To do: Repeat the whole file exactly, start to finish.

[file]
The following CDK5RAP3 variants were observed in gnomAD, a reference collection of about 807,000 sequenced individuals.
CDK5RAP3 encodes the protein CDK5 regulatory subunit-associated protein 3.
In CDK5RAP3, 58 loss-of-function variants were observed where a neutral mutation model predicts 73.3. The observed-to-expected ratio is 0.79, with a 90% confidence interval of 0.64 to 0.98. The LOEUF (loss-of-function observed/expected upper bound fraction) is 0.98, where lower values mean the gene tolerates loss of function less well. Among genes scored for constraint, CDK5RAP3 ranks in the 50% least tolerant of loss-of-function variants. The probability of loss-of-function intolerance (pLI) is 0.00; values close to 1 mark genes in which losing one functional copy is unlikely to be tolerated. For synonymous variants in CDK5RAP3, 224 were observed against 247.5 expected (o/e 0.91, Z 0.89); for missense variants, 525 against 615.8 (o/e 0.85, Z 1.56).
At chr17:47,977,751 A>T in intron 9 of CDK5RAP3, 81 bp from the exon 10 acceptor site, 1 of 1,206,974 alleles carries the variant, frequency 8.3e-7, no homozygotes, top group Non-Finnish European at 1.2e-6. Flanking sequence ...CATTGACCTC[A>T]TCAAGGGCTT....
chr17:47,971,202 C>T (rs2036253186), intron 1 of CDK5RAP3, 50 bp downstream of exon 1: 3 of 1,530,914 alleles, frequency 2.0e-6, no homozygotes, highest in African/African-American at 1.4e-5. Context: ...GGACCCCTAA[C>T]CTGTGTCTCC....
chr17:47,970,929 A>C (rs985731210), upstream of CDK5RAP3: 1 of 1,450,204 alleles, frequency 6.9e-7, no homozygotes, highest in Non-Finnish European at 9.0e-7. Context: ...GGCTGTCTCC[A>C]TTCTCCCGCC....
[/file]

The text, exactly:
The following CDK5RAP3 variants were observed in gnomAD, a reference collection of about 807,000 sequenced individuals.
CDK5RAP3 encodes the protein CDK5 regulatory subunit-associated protein 3.
In CDK5RAP3, 58 loss-of-function variants were observed where a neutral mutation model predicts 73.3. The observed-to-expected ratio is 0.79, with a 90% confidence interval of 0.64 to 0.98. The LOEUF (loss-of-function observed/expected upper bound fraction) is 0.98, where lower values mean the gene tolerates loss of function less well. Among genes scored for constraint, CDK5RAP3 ranks in the 50% least tolerant of loss-of-function variants. The probability of loss-of-function intolerance (pLI) is 0.00; values close to 1 mark genes in which losing one functional copy is unlikely to be tolerated. For synonymous variants in CDK5RAP3, 224 were observed against 247.5 expected (o/e 0.91, Z 0.89); for missense variants, 525 against 615.8 (o/e 0.85, Z 1.56).
At chr17:47,977,751 A>T in intron 9 of CDK5RAP3, 81 bp from the exon 10 acceptor site, 1 of 1,206,974 alleles carries the variant, frequency 8.3e-7, no homozygotes, top group Non-Finnish European at 1.2e-6. Flanking sequence ...CATTGACCTC[A>T]TCAAGGGCTT....
chr17:47,971,202 C>T (rs2036253186), intron 1 of CDK5RAP3, 50 bp downstream of exon 1: 3 of 1,530,914 alleles, frequency 2.0e-6, no homozygotes, highest in African/African-American at 1.4e-5. Context: ...GGACCCCTAA[C>T]CTGTGTCTCC....
chr17:47,970,929 A>C (rs985731210), upstream of CDK5RAP3: 1 of 1,450,204 alleles, frequency 6.9e-7, no homozygotes, highest in Non-Finnish European at 9.0e-7. Context: ...GGCTGTCTCC[A>C]TTCTCCCGCC....